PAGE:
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DATE: June 2, 2004

Prof. John Thomas awarded grant to study safer cleanup of toxic waste

DEARBORN---John Thomas, associate professor of biology at the University of Michigan-Dearborn, received a grant from the Consortium for Plant Biotechnology Research, Inc. (CPBR) to research a safer method of cleaning up toxic waste sites. The field work will be done near Ford's Rouge Plant.

Thomas received $63,301 for a two-year period, with Ford Motor Company awarding $20,592 in matching funds for the first year. An application for additional funds from Ford for a second year is under review.

Thomas will work in collaboration with Clayton Rugh, assistant professor of phytoremediation at Michigan State University, to screen a selection of native Michigan plants for effective phytoremediation of harmful environmental contaminants. Phytoremediation is the use of plants to extract harmful elements from soil for safe disposal, a desirable and effective alternative to costly and disruptive engineering approaches, such as excavation, landfilling and incineration, according to Thomas.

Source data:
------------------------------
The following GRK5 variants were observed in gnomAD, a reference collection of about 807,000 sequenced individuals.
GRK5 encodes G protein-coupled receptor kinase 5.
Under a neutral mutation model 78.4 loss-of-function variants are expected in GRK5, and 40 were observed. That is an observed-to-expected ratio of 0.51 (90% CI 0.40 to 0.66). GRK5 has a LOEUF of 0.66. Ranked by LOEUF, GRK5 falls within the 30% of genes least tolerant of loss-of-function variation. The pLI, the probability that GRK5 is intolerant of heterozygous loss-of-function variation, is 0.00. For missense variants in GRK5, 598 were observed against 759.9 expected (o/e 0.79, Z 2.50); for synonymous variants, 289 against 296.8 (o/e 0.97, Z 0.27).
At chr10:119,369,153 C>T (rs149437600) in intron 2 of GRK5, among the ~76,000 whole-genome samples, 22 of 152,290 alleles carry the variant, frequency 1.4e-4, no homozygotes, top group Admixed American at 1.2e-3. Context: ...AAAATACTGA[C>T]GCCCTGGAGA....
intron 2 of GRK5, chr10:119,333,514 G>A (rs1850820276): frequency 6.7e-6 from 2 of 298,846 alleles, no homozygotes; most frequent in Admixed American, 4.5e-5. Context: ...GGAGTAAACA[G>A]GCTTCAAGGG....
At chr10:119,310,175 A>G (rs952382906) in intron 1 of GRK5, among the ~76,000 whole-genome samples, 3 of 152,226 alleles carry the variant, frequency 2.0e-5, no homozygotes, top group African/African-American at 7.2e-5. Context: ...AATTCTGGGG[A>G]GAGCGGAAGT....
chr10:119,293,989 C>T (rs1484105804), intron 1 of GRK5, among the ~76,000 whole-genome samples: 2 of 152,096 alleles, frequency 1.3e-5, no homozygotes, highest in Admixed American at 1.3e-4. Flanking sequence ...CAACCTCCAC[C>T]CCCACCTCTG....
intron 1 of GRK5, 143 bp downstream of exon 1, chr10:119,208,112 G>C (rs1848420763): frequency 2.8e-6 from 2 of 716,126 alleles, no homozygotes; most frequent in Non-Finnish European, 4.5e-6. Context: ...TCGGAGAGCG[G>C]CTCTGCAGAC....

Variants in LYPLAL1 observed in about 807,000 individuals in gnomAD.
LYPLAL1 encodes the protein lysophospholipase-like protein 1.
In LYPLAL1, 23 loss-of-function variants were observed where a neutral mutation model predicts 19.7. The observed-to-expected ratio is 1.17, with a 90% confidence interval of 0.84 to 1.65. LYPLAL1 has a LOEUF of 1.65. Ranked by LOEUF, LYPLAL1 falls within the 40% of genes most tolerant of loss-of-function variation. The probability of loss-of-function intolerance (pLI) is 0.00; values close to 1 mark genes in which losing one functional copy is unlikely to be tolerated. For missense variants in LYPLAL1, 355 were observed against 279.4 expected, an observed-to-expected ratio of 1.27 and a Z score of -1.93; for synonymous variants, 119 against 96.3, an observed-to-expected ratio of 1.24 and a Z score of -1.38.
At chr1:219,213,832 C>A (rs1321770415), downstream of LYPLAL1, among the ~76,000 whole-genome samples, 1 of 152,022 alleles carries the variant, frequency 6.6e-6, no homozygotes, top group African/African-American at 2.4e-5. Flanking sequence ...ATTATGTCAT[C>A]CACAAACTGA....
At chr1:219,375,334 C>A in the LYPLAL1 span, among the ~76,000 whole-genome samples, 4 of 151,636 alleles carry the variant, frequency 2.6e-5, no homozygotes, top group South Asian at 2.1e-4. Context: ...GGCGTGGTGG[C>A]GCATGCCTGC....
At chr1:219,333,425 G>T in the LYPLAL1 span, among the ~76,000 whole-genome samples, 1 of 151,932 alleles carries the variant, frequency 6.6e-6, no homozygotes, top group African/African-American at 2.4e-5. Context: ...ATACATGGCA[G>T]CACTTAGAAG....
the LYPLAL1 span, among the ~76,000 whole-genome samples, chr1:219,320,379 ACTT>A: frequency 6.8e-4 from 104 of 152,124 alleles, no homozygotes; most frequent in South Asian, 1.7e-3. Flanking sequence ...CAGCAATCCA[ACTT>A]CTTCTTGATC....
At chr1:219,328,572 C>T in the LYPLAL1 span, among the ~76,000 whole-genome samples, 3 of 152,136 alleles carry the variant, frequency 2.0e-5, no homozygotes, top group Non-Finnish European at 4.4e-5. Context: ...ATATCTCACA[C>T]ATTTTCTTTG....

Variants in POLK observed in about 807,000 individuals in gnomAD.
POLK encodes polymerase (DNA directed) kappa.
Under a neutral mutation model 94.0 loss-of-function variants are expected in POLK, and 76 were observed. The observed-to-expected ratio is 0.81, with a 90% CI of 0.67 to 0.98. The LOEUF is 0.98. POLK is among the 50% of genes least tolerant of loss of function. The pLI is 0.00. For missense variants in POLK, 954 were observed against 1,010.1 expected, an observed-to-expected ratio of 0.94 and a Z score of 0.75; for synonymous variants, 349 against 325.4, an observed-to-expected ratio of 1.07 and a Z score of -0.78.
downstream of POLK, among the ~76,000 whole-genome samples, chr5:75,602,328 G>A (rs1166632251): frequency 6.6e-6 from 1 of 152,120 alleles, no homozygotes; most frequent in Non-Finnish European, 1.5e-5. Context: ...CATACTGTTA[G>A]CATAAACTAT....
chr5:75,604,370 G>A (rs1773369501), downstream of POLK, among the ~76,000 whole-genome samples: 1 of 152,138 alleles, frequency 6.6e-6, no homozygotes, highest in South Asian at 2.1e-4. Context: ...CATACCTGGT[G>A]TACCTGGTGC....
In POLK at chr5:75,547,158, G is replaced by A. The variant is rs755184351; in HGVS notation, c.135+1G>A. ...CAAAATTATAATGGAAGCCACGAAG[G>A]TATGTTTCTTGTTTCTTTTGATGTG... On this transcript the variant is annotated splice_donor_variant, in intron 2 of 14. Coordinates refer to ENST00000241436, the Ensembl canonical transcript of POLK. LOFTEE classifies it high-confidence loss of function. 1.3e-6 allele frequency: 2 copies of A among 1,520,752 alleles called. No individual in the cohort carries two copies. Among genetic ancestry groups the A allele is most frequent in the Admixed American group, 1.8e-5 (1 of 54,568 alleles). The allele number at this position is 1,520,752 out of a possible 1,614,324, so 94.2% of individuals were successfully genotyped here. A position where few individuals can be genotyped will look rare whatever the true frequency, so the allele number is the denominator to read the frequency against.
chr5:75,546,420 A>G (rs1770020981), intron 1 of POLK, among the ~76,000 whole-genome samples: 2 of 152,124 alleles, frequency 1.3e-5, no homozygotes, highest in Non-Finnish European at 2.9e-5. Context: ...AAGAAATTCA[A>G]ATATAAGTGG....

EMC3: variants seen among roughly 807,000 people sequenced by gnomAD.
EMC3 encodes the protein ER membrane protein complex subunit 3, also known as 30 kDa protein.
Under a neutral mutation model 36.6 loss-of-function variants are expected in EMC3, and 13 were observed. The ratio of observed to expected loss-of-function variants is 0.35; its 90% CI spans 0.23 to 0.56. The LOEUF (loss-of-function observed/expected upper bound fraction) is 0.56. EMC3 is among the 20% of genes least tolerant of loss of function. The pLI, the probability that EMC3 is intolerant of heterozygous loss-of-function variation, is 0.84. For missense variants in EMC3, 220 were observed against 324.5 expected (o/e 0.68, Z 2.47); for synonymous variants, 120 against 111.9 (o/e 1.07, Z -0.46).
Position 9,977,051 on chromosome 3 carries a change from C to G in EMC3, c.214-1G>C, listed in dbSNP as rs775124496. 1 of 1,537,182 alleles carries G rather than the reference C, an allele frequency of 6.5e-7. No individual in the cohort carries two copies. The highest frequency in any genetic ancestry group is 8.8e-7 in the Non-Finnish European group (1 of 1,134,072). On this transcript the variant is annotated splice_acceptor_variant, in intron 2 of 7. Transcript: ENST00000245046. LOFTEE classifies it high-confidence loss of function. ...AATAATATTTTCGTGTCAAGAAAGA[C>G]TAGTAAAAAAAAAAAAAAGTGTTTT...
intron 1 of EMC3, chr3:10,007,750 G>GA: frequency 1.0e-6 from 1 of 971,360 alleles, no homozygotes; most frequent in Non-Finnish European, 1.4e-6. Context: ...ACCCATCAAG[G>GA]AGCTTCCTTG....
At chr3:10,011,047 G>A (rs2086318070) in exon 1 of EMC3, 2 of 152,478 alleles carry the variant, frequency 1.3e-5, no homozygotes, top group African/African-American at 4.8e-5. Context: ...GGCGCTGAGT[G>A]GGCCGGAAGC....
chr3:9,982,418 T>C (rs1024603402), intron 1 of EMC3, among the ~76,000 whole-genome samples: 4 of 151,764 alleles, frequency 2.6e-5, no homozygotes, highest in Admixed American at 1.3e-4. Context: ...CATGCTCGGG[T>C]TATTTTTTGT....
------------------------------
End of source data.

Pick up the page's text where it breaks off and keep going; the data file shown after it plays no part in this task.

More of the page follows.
"We are working hand-in-hand with Ford Motor Company and CPBR to develop practical phytoremediation strategies to mitigate polycyclic aromatic hydrocarbons (PAHs)," Thomas said.

"PAHs are produced from the burning of coal or diesel fuel and are water insoluble, very stable and of concern to the environment," he said. "Our approach is to grow select native Michigan plant species in former industrial soils to detoxify PAH contaminants into harmless natural products."

Many scientific studies have discovered PAH-metabolizing microbial strains, but the major problem with directly applying these microbes to PAH-laden soils is that the microbial populations decline rapidly in the field, Thomas said. Planted systems may promote the establishment of helpful microbial populations and sustain PAH-bioremediation by enriching the soils with plant-produced products, generally classified as plant root "exudates," he noted.

Unlike animal secretions, plant root exudates are not waste products, but rather the products of photosynthesis and metabolism including sugars, amino acids and secondary metabolites, Thomas said.

"Root exudates are thought to act as chemical signals for soil-borne bacteria," he said. "We believe that plants produce signals that favor some microbial communities while at the same time discouraging others. The resulting shift in microbial populations together with plant metabolism may be responsible for enhanced PAH metabolism and destruction during the phytoremediation process."

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